Jennifer Danny | Dangerous Item in Your Toolbox

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Recently I had a conversation with a friend. He’s 35, and he called to ask me if I was seeing a therapist. I replied, “Not this week, what’s up?” 

He said, “Oh I just thought that if you were then you could recommend one to me.” 

I decided to probe further because on the outside — key point — this guy looked as if he had it made. Great wife, a baby on the way, high-end SUV and cool digs. I said, “Aren’t you just getting nervous because you’re about to become a dad?” 

He said, “No, I think something is really wrong with me, because nothing brings me joy.” 

I said, “Not even the prospect of having a baby?” 

He said, “Yeah, I’m excited about that, because it will be really neat to hang out with my kid and play ball, and experience all of the firsts of everything that he or she will get to do, like for example- going to Disneyland for the first time.” 

My immediate reaction was to go on Amazon and buy all of the parenting books available and ship them to his house. Even the sound in his voice was different from the last time we had talked. He had no ummph at all. He actually sounded joy-less. 

I knew from his past that his childhood was less than stellar. No overt abuse, just your salad bar assortment of parents divorcing when he was 5, tossed with father abandonment issues and a narcissistic mother and then for added flavor: a pinch of manic depression. And I’m just talking about the mom and dad. 

Personally I think his mom was never comfortable in the role of mother; so it wasn’t surprising to me that now as he faced one of the most important and defining moments of his life — the birth of his child — his mind was in overdrive.  

And since I’ve known him for years I knew what was going through his head. He had shared with me that his mom had a penchant for endless diatribes about what he didn’t do versus anything he did accomplish. And in my opinion this was the driving catalyst contributing to his conflicted feelings and his ongoing journey for validation.  

His story reminded me of another one. There was this lady I met at my friend’s party for her granddaughter’s birthday, though to this day I haven’t the foggiest idea of what compelled my friend to include this loon in her circle. Later I found out that it was because she felt sorry for the gal’s kid and tried to include her any way she could. I was painfully placed at the same table that this lady was sitting at and I swear no less than five times her daughter tried to ask her mom something and she would barely acknowledge her with little more than, “ I told you to stop talking, shh-shh, be quiet!” 

When the girl was finally able to finish her sentence it became quite clear to me that she had a speech isue. I believe to this day that after years of hearing her mother basically telling her to “shut up” that her anxiety over “just wanting and trying to be heard” finally took a different course and she ended up with a speech impediment.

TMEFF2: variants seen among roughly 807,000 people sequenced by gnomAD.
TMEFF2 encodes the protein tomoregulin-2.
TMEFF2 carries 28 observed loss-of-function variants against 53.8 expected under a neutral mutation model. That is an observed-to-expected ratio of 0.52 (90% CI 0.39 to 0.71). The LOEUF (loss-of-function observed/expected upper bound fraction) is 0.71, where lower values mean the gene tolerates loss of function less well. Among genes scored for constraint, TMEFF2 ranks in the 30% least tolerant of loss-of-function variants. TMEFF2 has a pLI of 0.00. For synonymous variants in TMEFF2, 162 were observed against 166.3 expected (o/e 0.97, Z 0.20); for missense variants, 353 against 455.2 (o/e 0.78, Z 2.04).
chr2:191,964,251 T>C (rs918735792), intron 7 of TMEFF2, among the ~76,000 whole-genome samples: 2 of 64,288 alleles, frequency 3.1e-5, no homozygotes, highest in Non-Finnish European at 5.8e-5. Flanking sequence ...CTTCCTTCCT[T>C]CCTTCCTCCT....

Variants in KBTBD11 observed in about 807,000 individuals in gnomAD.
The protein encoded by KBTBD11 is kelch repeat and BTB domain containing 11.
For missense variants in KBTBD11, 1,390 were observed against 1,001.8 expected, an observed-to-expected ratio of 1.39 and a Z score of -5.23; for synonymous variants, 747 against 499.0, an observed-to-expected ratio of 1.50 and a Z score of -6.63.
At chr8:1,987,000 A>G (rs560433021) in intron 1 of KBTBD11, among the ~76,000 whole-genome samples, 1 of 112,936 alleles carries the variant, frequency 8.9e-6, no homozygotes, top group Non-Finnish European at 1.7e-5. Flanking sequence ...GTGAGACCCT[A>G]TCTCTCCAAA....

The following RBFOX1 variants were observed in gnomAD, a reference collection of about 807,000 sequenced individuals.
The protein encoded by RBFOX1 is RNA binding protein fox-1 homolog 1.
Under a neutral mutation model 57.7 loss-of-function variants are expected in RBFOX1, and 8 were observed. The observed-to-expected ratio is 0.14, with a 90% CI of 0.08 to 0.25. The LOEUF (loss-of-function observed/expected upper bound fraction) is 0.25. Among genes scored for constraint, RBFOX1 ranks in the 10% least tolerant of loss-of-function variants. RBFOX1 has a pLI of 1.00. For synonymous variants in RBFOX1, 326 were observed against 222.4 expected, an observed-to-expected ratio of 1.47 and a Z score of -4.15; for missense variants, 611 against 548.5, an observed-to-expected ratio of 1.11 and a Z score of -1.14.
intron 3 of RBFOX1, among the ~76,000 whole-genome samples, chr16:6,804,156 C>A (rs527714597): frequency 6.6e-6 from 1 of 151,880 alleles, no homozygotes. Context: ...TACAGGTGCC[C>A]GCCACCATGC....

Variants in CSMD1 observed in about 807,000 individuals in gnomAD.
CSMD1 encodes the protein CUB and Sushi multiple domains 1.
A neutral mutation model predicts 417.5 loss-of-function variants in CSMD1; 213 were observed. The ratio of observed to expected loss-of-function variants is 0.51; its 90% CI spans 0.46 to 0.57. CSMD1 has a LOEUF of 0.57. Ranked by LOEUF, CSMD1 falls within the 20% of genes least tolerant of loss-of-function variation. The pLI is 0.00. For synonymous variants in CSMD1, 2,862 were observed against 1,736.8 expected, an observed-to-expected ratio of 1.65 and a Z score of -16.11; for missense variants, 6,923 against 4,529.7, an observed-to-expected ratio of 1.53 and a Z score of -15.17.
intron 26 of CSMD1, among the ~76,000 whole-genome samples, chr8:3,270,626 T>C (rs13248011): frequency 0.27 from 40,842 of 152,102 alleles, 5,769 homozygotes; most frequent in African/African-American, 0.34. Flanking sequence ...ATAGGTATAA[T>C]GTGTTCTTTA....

So I guess that mom never read the wonderful poem by Dorothy Law Nolte that “Children Learn What They Live.” I hope her daughter finds someone who will “hear what she has to say.” 

Back to my 30-something friend who was in crisis mode and calling me for advice. 

He felt that he couldn’t talk to his mother because every time he poured his heart out to her he felt worse. And then he told me that he kept going back to her thinking the next time it would be different and like clockwork it would happen all over again. 

I told him that the reason he keeps going to his mother is because it’s familiar. I relayed the “Bear Hugs Kettle” story. I reminded him that nothing has really changed in the 30-plus years that he has talked to her. Which is not to say that this lady is bad, she’s just not the person you should go to when you need your spirits lifted. And I told him that one day he will come to this decision by himself and he will learn that what she has to say is inconsequential to his well-being.  

I said, “I understand what you are going through, everything just seems so fast nowadays.” There are instant makeovers, instant millionaires, instant marriages — well over eight episodes anyway. Just look at the show “The Brothelette,” ooops I mean “The Bachelorette,” you get to suhwing your partner round and round and end up with another. We have instant pop stars, instant 400 movie channels at your fingertips, instant messaging. We are Willy Wonka’s dream come true; our lives have become one giant Everlastinggobbstopper! 

Suddenly there was silence on the other end of the phone. I wondered if he’d hung up? And then I heard him take a deep breath; you know, the kind you take for air when you’ve been laughing really hard. And then I knew that maybe this was just a case of the I’m-going-to-be-a-parent-jitters, nothing that a good sense of humor couldn’t fix. I paused for a moment and said, “So laughter really IS the best medicine?” 

And he said, “I think so, thank you.” 

I told him he could nurture his inner child, give him the hug he needs. I continued, “You can re-parent yourself as you raise your child. And remember it is your job to make sure you and your wife provide the tools your child will need to succeed in life. After all, one day there will be a time when your little chickadee will leave your nest with that proverbial ‘toolbox.’ But there will be one very important item that is not inside that box, for it is found deep within. It is their heart and they will take that with them on their journey and it is very important they know how to keep it safe from harm, to keep it warm, but most of all they will need to learn how to give it willingly and lovingly to another generation.” 

 Jennifer Danny is a Santa Clarita resident.

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